The only thing harder to find than a good sewing contractor who can sew small lots at a reasonable price (I work with one closely by the way) is a good sewing machine mechanic.
As with everything in this business, it pays to develop a relationship. That itself is easier said than done. Take the case of my local guy, Paul Velasquez (his helper on the left is Jeremi):
I have to make arrangements a month or more in advance. Context is important in that I’m calling him to service the machines; I’m not having a crisis. Anyone who is down a critical machine is first in line and of course, the better a customer you are, the higher your priority versus a casual customer. The latter would be me. No emergency, small customer so I’m last. So I sweeten the deal by trying to source what parts and equipment I can through him. Take the example of this new machine I bought today (!), a Juki 1541S:
It’s a walking foot. I have been meaning to replace the half dozen Consews I sold before my last move with something spiffier. It doesn’t have a thread trimmer; the only model (1541-7) that does, comes with air and I don’t have air. [I could get it easily enough, I have the compressor but I really don’t want the noise.] On the plus side, this machine is less than half the cost of the one I had my heart set on ($1800 versus $4,200). I’m starting to get over my disappointment, I’m sure this one will grow on me. But back to establishing relationships.
If you’re handy and have the time, I’m 100% behind you in learning to service your own equipment -I’ve done it for 17 years. However, comes such a time that if (hopefully) you become moderately successful and don’t have the time anymore, it becomes less costly to have a professional service and repair your equipment for you. Having someone at your ear means having an adviser who can tell you how to solve an incalculable number of sewing problems. Often, you need to learn new settings for new materials, learn about nifty attachments to perform cursory functions (roll hemmers are the bomb) and even, equipment on the market you may know nothing about. When someone is getting out of the business and has machines to sell, your mechanic will probably be the first to know. And sure, he or she will get a cut on the deal but this is as it should be. They don’t just source it for you, they’ll deliver and set it up for you too and that’s got to be worth something. Oh and not just machines. They’ll know about cutting tables and sundry.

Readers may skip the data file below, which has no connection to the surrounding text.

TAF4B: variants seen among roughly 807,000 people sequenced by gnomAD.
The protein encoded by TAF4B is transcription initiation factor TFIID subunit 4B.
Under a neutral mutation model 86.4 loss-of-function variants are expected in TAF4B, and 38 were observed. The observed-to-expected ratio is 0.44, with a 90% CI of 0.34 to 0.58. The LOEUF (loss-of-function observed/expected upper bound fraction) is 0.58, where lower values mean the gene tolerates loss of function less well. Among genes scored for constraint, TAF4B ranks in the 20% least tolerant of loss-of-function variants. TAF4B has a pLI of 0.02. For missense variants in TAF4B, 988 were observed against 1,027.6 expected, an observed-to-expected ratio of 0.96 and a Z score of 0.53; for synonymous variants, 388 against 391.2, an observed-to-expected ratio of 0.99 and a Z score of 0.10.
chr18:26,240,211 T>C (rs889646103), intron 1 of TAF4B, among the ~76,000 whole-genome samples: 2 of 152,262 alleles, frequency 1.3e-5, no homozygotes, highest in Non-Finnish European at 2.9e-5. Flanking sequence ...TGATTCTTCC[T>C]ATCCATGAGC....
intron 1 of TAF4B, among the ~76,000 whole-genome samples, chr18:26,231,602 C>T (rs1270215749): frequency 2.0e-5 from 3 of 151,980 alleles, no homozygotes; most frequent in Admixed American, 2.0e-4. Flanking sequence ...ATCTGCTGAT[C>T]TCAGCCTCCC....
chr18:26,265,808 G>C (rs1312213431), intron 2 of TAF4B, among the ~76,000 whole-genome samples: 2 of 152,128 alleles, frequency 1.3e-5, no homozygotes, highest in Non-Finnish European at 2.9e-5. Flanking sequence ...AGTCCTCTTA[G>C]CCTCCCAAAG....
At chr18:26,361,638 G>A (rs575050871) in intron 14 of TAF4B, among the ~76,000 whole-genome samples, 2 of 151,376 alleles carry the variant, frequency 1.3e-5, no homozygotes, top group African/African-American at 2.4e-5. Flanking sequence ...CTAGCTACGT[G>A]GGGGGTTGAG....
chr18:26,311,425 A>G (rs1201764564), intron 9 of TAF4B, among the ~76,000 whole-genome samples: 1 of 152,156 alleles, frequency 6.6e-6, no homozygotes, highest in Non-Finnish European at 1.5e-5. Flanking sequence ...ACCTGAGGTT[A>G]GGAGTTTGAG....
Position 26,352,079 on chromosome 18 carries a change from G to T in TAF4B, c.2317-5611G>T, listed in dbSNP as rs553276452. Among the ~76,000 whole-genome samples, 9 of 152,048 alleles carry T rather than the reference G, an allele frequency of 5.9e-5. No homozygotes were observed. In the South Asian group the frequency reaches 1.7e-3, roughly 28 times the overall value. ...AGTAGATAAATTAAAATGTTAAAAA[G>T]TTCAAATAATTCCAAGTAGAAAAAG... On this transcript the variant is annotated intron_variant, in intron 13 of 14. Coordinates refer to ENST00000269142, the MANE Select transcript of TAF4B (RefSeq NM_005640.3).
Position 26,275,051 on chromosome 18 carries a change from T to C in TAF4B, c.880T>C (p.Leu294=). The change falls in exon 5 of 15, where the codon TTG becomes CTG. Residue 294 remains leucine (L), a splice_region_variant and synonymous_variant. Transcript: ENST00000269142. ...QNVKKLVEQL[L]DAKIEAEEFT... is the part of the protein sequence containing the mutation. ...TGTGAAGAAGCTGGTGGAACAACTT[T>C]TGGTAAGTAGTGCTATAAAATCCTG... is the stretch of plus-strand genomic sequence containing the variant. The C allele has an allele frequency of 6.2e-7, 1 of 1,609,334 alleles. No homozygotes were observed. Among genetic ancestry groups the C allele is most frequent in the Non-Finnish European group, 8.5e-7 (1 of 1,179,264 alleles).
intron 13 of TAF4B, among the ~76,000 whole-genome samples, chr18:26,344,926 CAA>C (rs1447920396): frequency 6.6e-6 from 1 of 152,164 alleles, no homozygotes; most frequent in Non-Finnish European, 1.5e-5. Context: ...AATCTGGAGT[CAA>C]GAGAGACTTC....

If you live outside of an apparel circuit like I do, it is very common that your mechanic is a dealer too. Keep in mind that “dealer” doesn’t mean one has a store front with machines in stock. It means they have wholesale relationships either with the factory or a distributor. My mechanic doesn’t have a store front and doesn’t have much in the way of inventory but he can order whatever I need. Generally, your mechanic cum dealer will charge list price, deliver it and set it up for you for that price. For me that is great. I could have purchased this from another supplier -to whom I would have paid list- but then be on the hook for shipping and then I would have had to set it up myself.
To be fair, it is usually a cake walk to set up a machine. They usually come complete (motor, table and machine) and at best, all you need to do is put a plug on the cord. Perhaps you would be amazed to know that many machines don’t come with plugs. Nobody is trying to cheat you, they don’t put one on as a convenience to you. You might need a trolley plug (if you have raceways) or a standard outlet. In today’s instance, there was a plug but it was too short (hey Consew -it was a Consew servo motor- what’s up with that?). It barely reached 6 feet up (most of us plug machines in overhead). I mean, 6 feet up, not a six foot cord. I think it was 4 foot. Anyway, Paul switched out the cord with one he had on his truck so it would reach the pedestal outlet overhead. If you have no idea what I’m talking about, just ask and I’ll explain it.
Anyway, I’m glad to finally have this machine. I’d been after him for about 6 weeks to drop it off and of course, to service the other equipment.
Speaking of, a lot of mechanics travel these days. Paul has customers on the east coast that he visits regularly. In fact, he is out of town the first month of every quarter. Which is why I’m glad he has an assistant now. Jeremi only works part time though. He is mostly a stay at home dad. I hope this relationship works out well for the two of them because somebody needs to take over Paul’s business. He looks very young but he’s been in the business for 45 years and is going to have to retire at some point. Rats, I got off track, if you need a mechanic, it is possible that Paul will travel to your location. Just don’t hog him to the extent that I can’t get him back to my place. You can contact him at 505-263-0143.
OT: I have got to get some real sewing chairs. The chairs I’m using (as seen in the photos, how embarrassing) are the kitchen chairs from when I lived at the Brewhouse in El Paso TX 10 years ago.